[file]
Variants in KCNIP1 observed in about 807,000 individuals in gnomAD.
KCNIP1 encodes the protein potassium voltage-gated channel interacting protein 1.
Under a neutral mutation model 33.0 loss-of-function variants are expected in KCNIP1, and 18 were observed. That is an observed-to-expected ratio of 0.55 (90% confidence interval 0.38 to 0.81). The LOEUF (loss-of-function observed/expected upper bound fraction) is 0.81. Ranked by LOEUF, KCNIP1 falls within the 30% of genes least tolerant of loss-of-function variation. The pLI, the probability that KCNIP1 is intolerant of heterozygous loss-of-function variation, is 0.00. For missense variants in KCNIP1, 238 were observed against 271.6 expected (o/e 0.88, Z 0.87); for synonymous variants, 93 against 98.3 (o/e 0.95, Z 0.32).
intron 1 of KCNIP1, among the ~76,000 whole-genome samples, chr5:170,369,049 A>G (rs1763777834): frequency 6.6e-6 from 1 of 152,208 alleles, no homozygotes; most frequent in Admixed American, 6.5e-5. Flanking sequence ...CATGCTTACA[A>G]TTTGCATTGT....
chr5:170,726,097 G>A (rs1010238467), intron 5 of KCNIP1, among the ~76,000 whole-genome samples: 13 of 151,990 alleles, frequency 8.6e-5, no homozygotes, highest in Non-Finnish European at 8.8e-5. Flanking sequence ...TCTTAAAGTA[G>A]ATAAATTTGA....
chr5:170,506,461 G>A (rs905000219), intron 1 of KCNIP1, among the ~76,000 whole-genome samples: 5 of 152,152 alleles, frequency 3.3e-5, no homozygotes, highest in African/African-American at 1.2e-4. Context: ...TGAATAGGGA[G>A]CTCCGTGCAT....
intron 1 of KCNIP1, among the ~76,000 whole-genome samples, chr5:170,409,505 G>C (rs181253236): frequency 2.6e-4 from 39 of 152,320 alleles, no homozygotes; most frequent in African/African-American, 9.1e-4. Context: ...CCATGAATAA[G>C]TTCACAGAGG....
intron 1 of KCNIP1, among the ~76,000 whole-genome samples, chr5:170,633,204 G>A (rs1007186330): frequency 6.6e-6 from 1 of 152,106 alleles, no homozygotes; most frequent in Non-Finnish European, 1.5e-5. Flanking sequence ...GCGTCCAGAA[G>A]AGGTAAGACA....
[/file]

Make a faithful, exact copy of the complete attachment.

Variants in KCNIP1 observed in about 807,000 individuals in gnomAD.
KCNIP1 encodes the protein potassium voltage-gated channel interacting protein 1.
Under a neutral mutation model 33.0 loss-of-function variants are expected in KCNIP1, and 18 were observed. That is an observed-to-expected ratio of 0.55 (90% confidence interval 0.38 to 0.81). The LOEUF (loss-of-function observed/expected upper bound fraction) is 0.81. Ranked by LOEUF, KCNIP1 falls within the 30% of genes least tolerant of loss-of-function variation. The pLI, the probability that KCNIP1 is intolerant of heterozygous loss-of-function variation, is 0.00. For missense variants in KCNIP1, 238 were observed against 271.6 expected (o/e 0.88, Z 0.87); for synonymous variants, 93 against 98.3 (o/e 0.95, Z 0.32).
intron 1 of KCNIP1, among the ~76,000 whole-genome samples, chr5:170,369,049 A>G (rs1763777834): frequency 6.6e-6 from 1 of 152,208 alleles, no homozygotes; most frequent in Admixed American, 6.5e-5. Flanking sequence ...CATGCTTACA[A>G]TTTGCATTGT....
chr5:170,726,097 G>A (rs1010238467), intron 5 of KCNIP1, among the ~76,000 whole-genome samples: 13 of 151,990 alleles, frequency 8.6e-5, no homozygotes, highest in Non-Finnish European at 8.8e-5. Flanking sequence ...TCTTAAAGTA[G>A]ATAAATTTGA....
chr5:170,506,461 G>A (rs905000219), intron 1 of KCNIP1, among the ~76,000 whole-genome samples: 5 of 152,152 alleles, frequency 3.3e-5, no homozygotes, highest in African/African-American at 1.2e-4. Context: ...TGAATAGGGA[G>A]CTCCGTGCAT....
intron 1 of KCNIP1, among the ~76,000 whole-genome samples, chr5:170,409,505 G>C (rs181253236): frequency 2.6e-4 from 39 of 152,320 alleles, no homozygotes; most frequent in African/African-American, 9.1e-4. Context: ...CCATGAATAA[G>C]TTCACAGAGG....
intron 1 of KCNIP1, among the ~76,000 whole-genome samples, chr5:170,633,204 G>A (rs1007186330): frequency 6.6e-6 from 1 of 152,106 alleles, no homozygotes; most frequent in Non-Finnish European, 1.5e-5. Flanking sequence ...GCGTCCAGAA[G>A]AGGTAAGACA....